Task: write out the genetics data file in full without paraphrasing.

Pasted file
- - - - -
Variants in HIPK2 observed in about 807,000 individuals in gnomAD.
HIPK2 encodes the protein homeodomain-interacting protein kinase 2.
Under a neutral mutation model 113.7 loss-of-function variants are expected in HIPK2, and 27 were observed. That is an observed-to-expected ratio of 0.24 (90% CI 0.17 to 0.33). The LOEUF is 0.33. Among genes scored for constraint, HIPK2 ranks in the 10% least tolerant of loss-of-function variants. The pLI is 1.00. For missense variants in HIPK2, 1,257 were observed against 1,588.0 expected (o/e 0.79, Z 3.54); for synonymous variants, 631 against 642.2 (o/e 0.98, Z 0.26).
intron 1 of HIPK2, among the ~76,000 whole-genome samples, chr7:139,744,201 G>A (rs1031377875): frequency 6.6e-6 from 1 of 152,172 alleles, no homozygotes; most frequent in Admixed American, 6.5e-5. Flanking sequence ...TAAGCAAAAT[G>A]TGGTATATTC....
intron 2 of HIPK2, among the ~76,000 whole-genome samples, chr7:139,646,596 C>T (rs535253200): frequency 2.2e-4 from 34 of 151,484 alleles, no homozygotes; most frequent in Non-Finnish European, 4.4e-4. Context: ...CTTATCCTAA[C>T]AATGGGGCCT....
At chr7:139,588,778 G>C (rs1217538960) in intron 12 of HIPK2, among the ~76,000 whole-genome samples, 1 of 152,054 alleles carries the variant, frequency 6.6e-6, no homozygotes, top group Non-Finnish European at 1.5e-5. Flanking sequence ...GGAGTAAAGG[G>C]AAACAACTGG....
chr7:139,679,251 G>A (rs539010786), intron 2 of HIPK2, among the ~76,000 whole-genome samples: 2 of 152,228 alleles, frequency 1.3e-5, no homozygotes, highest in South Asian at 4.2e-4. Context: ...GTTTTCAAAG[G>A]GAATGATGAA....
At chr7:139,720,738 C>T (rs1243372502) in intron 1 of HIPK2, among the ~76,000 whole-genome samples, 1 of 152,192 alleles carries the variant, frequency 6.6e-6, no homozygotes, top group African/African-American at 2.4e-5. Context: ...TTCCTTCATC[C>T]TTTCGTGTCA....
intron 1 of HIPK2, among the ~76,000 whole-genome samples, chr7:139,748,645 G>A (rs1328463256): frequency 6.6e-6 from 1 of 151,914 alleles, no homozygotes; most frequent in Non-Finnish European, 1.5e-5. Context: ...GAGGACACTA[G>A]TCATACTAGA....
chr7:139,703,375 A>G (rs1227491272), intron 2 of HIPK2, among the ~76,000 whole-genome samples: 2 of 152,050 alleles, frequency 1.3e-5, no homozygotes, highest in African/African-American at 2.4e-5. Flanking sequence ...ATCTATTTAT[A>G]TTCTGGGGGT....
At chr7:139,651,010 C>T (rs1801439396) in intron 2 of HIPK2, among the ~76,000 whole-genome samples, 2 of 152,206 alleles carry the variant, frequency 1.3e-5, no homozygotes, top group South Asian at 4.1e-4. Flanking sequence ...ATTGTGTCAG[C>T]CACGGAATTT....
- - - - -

Variants in HIPK2 observed in about 807,000 individuals in gnomAD.
HIPK2 encodes the protein homeodomain-interacting protein kinase 2.
Under a neutral mutation model 113.7 loss-of-function variants are expected in HIPK2, and 27 were observed. That is an observed-to-expected ratio of 0.24 (90% CI 0.17 to 0.33). The LOEUF is 0.33. Among genes scored for constraint, HIPK2 ranks in the 10% least tolerant of loss-of-function variants. The pLI is 1.00. For missense variants in HIPK2, 1,257 were observed against 1,588.0 expected (o/e 0.79, Z 3.54); for synonymous variants, 631 against 642.2 (o/e 0.98, Z 0.26).
intron 1 of HIPK2, among the ~76,000 whole-genome samples, chr7:139,744,201 G>A (rs1031377875): frequency 6.6e-6 from 1 of 152,172 alleles, no homozygotes; most frequent in Admixed American, 6.5e-5. Flanking sequence ...TAAGCAAAAT[G>A]TGGTATATTC....
intron 2 of HIPK2, among the ~76,000 whole-genome samples, chr7:139,646,596 C>T (rs535253200): frequency 2.2e-4 from 34 of 151,484 alleles, no homozygotes; most frequent in Non-Finnish European, 4.4e-4. Context: ...CTTATCCTAA[C>T]AATGGGGCCT....
At chr7:139,588,778 G>C (rs1217538960) in intron 12 of HIPK2, among the ~76,000 whole-genome samples, 1 of 152,054 alleles carries the variant, frequency 6.6e-6, no homozygotes, top group Non-Finnish European at 1.5e-5. Flanking sequence ...GGAGTAAAGG[G>C]AAACAACTGG....
chr7:139,679,251 G>A (rs539010786), intron 2 of HIPK2, among the ~76,000 whole-genome samples: 2 of 152,228 alleles, frequency 1.3e-5, no homozygotes, highest in South Asian at 4.2e-4. Context: ...GTTTTCAAAG[G>A]GAATGATGAA....
At chr7:139,720,738 C>T (rs1243372502) in intron 1 of HIPK2, among the ~76,000 whole-genome samples, 1 of 152,192 alleles carries the variant, frequency 6.6e-6, no homozygotes, top group African/African-American at 2.4e-5. Context: ...TTCCTTCATC[C>T]TTTCGTGTCA....
intron 1 of HIPK2, among the ~76,000 whole-genome samples, chr7:139,748,645 G>A (rs1328463256): frequency 6.6e-6 from 1 of 151,914 alleles, no homozygotes; most frequent in Non-Finnish European, 1.5e-5. Context: ...GAGGACACTA[G>A]TCATACTAGA....
chr7:139,703,375 A>G (rs1227491272), intron 2 of HIPK2, among the ~76,000 whole-genome samples: 2 of 152,050 alleles, frequency 1.3e-5, no homozygotes, highest in African/African-American at 2.4e-5. Flanking sequence ...ATCTATTTAT[A>G]TTCTGGGGGT....
At chr7:139,651,010 C>T (rs1801439396) in intron 2 of HIPK2, among the ~76,000 whole-genome samples, 2 of 152,206 alleles carry the variant, frequency 1.3e-5, no homozygotes, top group South Asian at 4.1e-4. Flanking sequence ...ATTGTGTCAG[C>T]CACGGAATTT....